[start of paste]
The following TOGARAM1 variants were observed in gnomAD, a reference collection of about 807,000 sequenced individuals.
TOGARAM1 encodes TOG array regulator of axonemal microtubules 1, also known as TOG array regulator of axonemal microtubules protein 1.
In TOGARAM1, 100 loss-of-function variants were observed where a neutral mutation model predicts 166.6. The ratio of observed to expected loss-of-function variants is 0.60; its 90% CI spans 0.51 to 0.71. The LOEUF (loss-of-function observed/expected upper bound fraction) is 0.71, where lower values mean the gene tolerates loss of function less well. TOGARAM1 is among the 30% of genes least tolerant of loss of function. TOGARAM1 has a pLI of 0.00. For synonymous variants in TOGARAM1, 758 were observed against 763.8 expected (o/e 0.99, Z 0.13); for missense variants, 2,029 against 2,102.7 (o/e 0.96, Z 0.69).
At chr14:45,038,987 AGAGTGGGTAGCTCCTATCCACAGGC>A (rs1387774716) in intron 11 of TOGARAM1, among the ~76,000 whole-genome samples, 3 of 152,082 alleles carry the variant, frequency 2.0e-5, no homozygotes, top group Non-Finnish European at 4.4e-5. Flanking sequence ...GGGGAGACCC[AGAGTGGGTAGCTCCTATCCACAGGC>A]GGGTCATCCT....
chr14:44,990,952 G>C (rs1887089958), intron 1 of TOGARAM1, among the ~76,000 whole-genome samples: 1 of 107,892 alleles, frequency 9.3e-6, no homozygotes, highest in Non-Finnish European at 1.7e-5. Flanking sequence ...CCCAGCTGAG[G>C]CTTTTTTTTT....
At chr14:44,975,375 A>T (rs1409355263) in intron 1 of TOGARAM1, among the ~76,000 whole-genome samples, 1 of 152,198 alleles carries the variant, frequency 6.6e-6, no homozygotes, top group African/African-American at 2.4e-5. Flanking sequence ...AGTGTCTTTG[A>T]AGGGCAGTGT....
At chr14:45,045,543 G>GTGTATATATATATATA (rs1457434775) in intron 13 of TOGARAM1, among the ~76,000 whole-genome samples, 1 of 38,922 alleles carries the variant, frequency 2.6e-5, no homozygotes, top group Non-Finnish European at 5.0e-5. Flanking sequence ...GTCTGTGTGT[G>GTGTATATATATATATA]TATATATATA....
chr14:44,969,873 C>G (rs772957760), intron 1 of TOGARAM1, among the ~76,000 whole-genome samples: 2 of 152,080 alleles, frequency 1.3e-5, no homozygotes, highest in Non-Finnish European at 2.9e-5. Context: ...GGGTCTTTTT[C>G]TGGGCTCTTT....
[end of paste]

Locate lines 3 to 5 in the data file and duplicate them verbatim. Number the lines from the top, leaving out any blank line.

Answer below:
In TOGARAM1, 100 loss-of-function variants were observed where a neutral mutation model predicts 166.6. The ratio of observed to expected loss-of-function variants is 0.60; its 90% CI spans 0.51 to 0.71. The LOEUF (loss-of-function observed/expected upper bound fraction) is 0.71, where lower values mean the gene tolerates loss of function less well. TOGARAM1 is among the 30% of genes least tolerant of loss of function. TOGARAM1 has a pLI of 0.00. For synonymous variants in TOGARAM1, 758 were observed against 763.8 expected (o/e 0.99, Z 0.13); for missense variants, 2,029 against 2,102.7 (o/e 0.96, Z 0.69).
At chr14:45,038,987 AGAGTGGGTAGCTCCTATCCACAGGC>A (rs1387774716) in intron 11 of TOGARAM1, among the ~76,000 whole-genome samples, 3 of 152,082 alleles carry the variant, frequency 2.0e-5, no homozygotes, top group Non-Finnish European at 4.4e-5. Flanking sequence ...GGGGAGACCC[AGAGTGGGTAGCTCCTATCCACAGGC>A]GGGTCATCCT....
chr14:44,990,952 G>C (rs1887089958), intron 1 of TOGARAM1, among the ~76,000 whole-genome samples: 1 of 107,892 alleles, frequency 9.3e-6, no homozygotes, highest in Non-Finnish European at 1.7e-5. Flanking sequence ...CCCAGCTGAG[G>C]CTTTTTTTTT....